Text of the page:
What is an SLA? And why is it important for your business?

A Service Level Agreement (SLA) is a contract between a service provider and a customer that defines the quality and scope of the service that will be delivered. It is a critical document in any business relationship, specifying the responsibilities, expectations, and obligations of both parties, as well as the metrics for measuring and enforcing the service level. It also defines the remedies that will be available to the customer if the service provider does not meet the agreed-upon levels of service.

SLAs are important for both service providers and customers. For service providers, SLAs help to ensure that they are meeting the expectations of their customers while also setting reasonable expectations and protecting against scope creep. For customers, SLAs provide a guarantee of the level of service that they can expect. 

Benefits of SLAs 

The business benefits of having an SLA are:

1. Performance Assurance
SLAs provide a clear benchmark for service performance, giving customers peace of mind that they will receive the quality of service they expect.

2. Accountability
By defining responsibilities and performance metrics, SLAs establish clear lines of accountability. If the service provider fails to meet their obligations, the SLA provides a basis for addressing the issue.

3. Dispute Resolution
In the event of disputes or service failures, SLAs serve as a reference point for resolving conflicts. They help avoid lengthy legal battles by providing a framework for addressing issues.

4. Continuous Improvement
Regular monitoring and reporting of SLA metrics encourage service providers to continuously improve their services. This benefits both parties by ensuring that services remain reliable and efficient.

An SLA can help to protect both parties and ensure that the relationship is successful.

Who Uses an SLA? 

SLAs originated with network service providers and IT-related services but are now widely used in a range of fields and businesses. Today, they are commonly used by companies that are software as a service (SaaS) and departments such as customer service and sales. Although typically between companies and third-parties, SLAs can also be between departments within a company. Companies can also use internal service-level agreements to avoid misinterpretation and miscommunication between departments. 

Types of SLAs 

There are three main types of SLAs:

Service-based SLAs: These SLAs focus on the specific services that are being provided by the service provider. For example, a service-based SLA for a cloud computing service might define the uptime, response time, and resolution time for the service.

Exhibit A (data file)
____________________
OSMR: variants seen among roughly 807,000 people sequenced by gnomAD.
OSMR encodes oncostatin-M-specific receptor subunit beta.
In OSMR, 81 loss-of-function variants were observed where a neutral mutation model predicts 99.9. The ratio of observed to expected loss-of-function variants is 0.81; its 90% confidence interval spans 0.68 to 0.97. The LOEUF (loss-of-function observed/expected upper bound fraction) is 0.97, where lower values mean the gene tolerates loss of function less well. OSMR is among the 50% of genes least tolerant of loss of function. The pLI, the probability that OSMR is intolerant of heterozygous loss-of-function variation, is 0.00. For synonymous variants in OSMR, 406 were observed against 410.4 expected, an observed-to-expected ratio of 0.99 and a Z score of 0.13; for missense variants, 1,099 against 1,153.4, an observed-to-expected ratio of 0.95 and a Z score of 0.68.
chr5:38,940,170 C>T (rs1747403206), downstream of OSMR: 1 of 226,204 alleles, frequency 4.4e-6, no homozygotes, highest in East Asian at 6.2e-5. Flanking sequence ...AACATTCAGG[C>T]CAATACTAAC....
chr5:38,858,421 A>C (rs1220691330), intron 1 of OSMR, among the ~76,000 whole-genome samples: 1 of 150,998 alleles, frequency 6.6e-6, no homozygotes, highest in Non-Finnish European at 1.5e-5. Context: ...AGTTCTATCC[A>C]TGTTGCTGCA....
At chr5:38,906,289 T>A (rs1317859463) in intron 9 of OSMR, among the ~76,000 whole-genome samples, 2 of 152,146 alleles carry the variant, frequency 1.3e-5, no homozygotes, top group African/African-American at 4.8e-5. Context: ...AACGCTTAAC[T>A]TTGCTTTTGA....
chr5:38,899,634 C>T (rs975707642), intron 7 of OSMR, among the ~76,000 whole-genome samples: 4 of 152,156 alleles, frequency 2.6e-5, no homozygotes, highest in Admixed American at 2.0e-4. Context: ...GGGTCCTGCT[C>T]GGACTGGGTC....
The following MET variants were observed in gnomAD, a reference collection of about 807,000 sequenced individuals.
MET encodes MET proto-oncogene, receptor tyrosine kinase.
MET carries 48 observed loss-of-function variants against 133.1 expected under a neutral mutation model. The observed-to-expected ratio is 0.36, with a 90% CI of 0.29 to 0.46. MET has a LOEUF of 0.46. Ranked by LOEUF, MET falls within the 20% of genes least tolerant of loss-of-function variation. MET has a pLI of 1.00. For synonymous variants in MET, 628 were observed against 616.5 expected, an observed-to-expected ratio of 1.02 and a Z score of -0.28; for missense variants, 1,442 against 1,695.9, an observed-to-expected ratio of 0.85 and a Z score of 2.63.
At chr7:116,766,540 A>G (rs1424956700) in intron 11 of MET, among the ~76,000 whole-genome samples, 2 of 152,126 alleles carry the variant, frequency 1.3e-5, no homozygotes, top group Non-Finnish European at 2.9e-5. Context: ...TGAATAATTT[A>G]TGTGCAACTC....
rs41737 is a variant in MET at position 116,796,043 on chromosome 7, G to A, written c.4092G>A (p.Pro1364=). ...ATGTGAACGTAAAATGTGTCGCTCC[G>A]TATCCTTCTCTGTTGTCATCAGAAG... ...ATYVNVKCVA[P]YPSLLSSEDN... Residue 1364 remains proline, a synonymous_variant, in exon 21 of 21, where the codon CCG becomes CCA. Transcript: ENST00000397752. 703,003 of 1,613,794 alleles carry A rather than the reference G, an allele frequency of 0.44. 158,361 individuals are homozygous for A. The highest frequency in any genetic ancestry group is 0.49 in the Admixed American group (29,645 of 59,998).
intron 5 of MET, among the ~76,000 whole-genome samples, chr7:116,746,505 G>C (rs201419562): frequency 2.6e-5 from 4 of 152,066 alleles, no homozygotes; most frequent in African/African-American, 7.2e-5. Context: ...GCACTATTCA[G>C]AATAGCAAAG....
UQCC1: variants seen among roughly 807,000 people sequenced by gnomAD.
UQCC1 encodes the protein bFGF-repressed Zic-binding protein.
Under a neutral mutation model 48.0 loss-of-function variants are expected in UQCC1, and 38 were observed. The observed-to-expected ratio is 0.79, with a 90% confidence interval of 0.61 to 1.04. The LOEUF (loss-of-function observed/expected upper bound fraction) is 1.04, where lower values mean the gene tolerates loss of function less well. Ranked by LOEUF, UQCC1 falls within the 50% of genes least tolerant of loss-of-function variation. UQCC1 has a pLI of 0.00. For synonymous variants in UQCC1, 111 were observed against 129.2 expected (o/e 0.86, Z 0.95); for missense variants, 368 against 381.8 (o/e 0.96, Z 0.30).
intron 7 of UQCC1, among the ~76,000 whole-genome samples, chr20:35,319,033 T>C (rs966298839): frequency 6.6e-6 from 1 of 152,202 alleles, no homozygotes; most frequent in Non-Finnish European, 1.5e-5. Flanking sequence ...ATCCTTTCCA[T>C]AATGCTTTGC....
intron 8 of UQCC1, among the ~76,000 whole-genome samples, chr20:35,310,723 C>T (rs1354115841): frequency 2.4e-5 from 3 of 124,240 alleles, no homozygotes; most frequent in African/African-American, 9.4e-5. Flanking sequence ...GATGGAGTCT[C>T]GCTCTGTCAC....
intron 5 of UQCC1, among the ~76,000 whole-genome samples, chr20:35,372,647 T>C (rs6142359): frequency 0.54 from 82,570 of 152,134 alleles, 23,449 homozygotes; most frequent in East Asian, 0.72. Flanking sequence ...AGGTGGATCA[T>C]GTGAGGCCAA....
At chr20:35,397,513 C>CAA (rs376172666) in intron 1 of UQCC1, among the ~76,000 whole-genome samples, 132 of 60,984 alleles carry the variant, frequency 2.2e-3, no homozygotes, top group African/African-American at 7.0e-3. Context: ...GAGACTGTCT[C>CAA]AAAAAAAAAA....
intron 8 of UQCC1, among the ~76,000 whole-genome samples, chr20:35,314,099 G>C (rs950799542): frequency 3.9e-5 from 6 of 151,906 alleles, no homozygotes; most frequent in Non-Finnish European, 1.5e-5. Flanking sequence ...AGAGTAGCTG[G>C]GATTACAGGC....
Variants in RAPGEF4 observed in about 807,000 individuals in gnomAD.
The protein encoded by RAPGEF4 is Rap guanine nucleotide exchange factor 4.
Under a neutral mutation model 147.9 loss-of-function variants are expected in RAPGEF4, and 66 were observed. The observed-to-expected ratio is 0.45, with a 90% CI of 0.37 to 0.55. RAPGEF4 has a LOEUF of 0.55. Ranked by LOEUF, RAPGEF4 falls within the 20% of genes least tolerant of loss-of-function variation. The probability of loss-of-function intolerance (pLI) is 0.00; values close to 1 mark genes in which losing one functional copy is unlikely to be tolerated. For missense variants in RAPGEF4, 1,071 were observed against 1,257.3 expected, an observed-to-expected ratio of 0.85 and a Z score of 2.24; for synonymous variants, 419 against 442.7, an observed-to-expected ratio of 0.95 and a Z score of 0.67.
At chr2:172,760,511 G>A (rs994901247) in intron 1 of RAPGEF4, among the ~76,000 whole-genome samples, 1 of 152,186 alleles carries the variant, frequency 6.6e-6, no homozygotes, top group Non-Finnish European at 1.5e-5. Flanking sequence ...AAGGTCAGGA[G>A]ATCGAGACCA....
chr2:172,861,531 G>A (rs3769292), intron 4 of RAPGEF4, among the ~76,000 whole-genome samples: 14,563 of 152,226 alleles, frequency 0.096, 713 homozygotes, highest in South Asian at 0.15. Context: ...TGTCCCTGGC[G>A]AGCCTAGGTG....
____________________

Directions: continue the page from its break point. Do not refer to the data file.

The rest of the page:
Customer-based SLAs: These SLAs focus on the overall experience of the customer. For example, a customer-based SLA for a software company might define the number of support tickets that will be responded to within a certain amount of time.

Multi-level SLAs: These SLAs combine the features of service-based and customer-based SLAs. They can be used to define different levels of service for different customers or different types of services.

When creating an SLA, it is important to carefully consider the needs of the customer and the capabilities of the service provider. The SLA should be specific, measurable, achievable, relevant, and time-bound.

Components of an SLA 

A typical SLA contains several key components, each of which plays a crucial role in defining the terms and conditions of the service:

1. Service Description
This section outlines the services to be provided, specifying what the customer can expect from the service provider. It may include details about the scope of services, such as the number of support hours, software updates, or maintenance tasks.

2. Service Level Objectives (SLOs)
SLOs are measurable targets that the service provider commits to achieving. These objectives can include metrics like uptime percentages, response times, and resolution times. SLOs are often expressed in quantifiable terms, making it clear what is expected in terms of service performance.

3. Performance Metrics
SLAs define the specific metrics and KPIs (Key Performance Indicators) used to evaluate the service provider's performance. These metrics can include system availability, error rates, and other relevant performance indicators.

4. Responsibilities
This section outlines the responsibilities of both the service provider and the customer. It defines who is responsible for what, making it clear how each party contributes to meeting the agreed-upon service levels.

5. Reporting and Communication
SLAs often specify how performance data will be collected, reported, and communicated between the parties. Regular reporting ensures transparency and allows for continuous improvement.